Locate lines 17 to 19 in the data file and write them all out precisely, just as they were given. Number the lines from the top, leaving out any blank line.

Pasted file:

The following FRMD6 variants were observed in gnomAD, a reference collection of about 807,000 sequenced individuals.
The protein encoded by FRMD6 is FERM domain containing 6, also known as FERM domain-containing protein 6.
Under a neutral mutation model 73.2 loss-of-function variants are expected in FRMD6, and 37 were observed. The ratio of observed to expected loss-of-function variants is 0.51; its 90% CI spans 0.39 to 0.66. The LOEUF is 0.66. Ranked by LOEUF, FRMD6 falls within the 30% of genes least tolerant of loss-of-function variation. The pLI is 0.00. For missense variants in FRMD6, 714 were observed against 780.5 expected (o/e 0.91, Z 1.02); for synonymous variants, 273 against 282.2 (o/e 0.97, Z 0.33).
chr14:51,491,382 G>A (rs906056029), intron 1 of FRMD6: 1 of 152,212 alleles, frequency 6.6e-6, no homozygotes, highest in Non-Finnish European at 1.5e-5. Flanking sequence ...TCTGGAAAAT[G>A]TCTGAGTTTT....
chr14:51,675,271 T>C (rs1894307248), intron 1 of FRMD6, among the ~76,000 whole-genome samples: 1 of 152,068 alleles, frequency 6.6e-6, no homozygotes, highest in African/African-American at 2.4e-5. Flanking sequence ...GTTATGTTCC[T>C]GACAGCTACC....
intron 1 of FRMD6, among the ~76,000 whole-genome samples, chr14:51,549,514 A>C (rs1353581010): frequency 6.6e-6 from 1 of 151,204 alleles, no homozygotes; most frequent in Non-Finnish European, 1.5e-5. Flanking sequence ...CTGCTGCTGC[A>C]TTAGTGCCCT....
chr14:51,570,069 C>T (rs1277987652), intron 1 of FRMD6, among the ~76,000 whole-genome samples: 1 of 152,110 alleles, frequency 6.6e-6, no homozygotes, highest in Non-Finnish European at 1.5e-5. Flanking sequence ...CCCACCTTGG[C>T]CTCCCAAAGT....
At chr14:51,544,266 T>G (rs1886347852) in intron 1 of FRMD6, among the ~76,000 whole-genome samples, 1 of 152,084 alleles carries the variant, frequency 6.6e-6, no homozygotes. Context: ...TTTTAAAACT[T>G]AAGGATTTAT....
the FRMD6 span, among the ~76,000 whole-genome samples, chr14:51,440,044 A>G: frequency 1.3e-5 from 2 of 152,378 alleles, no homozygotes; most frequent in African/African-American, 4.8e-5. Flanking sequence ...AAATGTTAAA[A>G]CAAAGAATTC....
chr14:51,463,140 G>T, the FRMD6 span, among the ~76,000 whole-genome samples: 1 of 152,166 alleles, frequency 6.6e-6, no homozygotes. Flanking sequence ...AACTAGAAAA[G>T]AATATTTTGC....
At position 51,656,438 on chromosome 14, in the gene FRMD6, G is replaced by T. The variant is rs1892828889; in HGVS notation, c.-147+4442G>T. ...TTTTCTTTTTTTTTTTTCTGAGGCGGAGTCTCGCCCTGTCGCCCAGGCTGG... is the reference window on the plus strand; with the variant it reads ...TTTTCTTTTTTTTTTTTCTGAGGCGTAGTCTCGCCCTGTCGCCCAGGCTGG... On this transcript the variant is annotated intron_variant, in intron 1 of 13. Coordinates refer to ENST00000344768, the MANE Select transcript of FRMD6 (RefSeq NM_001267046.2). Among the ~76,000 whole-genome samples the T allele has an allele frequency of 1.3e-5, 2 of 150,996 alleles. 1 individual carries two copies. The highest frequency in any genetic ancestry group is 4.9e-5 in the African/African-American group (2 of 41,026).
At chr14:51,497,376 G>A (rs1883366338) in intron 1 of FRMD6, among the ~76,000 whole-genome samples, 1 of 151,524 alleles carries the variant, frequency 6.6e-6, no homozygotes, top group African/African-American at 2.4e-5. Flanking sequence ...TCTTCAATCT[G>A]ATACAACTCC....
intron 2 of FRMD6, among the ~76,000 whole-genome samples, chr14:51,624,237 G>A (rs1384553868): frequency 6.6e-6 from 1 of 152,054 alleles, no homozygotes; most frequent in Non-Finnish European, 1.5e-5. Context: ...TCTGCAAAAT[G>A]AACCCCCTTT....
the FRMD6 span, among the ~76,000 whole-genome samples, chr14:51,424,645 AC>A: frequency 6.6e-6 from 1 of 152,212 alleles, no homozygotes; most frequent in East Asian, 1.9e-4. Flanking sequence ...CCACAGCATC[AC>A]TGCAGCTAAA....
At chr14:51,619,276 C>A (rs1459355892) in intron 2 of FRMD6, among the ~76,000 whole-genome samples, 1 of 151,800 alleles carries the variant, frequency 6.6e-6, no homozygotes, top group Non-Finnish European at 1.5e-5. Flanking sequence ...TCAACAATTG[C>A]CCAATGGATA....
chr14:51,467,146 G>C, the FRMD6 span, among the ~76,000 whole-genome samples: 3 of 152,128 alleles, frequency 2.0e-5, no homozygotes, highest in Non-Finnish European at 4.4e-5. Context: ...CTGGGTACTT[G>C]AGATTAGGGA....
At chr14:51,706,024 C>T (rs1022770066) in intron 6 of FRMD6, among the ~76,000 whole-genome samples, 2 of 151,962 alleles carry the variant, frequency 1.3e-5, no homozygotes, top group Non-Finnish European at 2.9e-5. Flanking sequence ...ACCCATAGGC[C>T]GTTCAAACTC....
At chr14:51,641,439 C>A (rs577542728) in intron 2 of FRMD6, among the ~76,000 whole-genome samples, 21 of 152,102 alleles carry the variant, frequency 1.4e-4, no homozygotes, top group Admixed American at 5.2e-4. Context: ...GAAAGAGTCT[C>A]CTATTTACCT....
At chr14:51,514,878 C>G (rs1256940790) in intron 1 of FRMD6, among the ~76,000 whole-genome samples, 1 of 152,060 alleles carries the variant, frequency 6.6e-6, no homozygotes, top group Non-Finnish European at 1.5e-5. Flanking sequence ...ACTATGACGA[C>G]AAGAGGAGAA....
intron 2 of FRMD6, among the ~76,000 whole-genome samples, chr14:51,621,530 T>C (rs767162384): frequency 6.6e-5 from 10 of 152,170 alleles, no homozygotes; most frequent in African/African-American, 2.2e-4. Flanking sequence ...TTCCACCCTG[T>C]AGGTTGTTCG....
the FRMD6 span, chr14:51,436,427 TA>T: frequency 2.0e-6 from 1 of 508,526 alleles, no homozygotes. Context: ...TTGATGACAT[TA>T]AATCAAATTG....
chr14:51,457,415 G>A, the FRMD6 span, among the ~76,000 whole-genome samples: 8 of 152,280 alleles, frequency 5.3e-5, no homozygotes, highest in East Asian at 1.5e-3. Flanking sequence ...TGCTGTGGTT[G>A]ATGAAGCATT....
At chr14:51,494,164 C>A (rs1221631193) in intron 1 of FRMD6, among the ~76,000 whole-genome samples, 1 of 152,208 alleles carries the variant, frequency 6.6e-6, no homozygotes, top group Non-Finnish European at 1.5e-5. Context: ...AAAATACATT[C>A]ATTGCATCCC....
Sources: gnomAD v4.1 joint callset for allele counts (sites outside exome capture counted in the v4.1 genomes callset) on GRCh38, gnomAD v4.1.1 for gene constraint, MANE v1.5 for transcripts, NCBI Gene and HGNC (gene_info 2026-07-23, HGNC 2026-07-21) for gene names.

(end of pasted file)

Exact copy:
At chr14:51,706,024 C>T (rs1022770066) in intron 6 of FRMD6, among the ~76,000 whole-genome samples, 2 of 151,962 alleles carry the variant, frequency 1.3e-5, no homozygotes, top group Non-Finnish European at 2.9e-5. Flanking sequence ...ACCCATAGGC[C>T]GTTCAAACTC....
At chr14:51,641,439 C>A (rs577542728) in intron 2 of FRMD6, among the ~76,000 whole-genome samples, 21 of 152,102 alleles carry the variant, frequency 1.4e-4, no homozygotes, top group Admixed American at 5.2e-4. Context: ...GAAAGAGTCT[C>A]CTATTTACCT....
At chr14:51,514,878 C>G (rs1256940790) in intron 1 of FRMD6, among the ~76,000 whole-genome samples, 1 of 152,060 alleles carries the variant, frequency 6.6e-6, no homozygotes, top group Non-Finnish European at 1.5e-5. Flanking sequence ...ACTATGACGA[C>G]AAGAGGAGAA....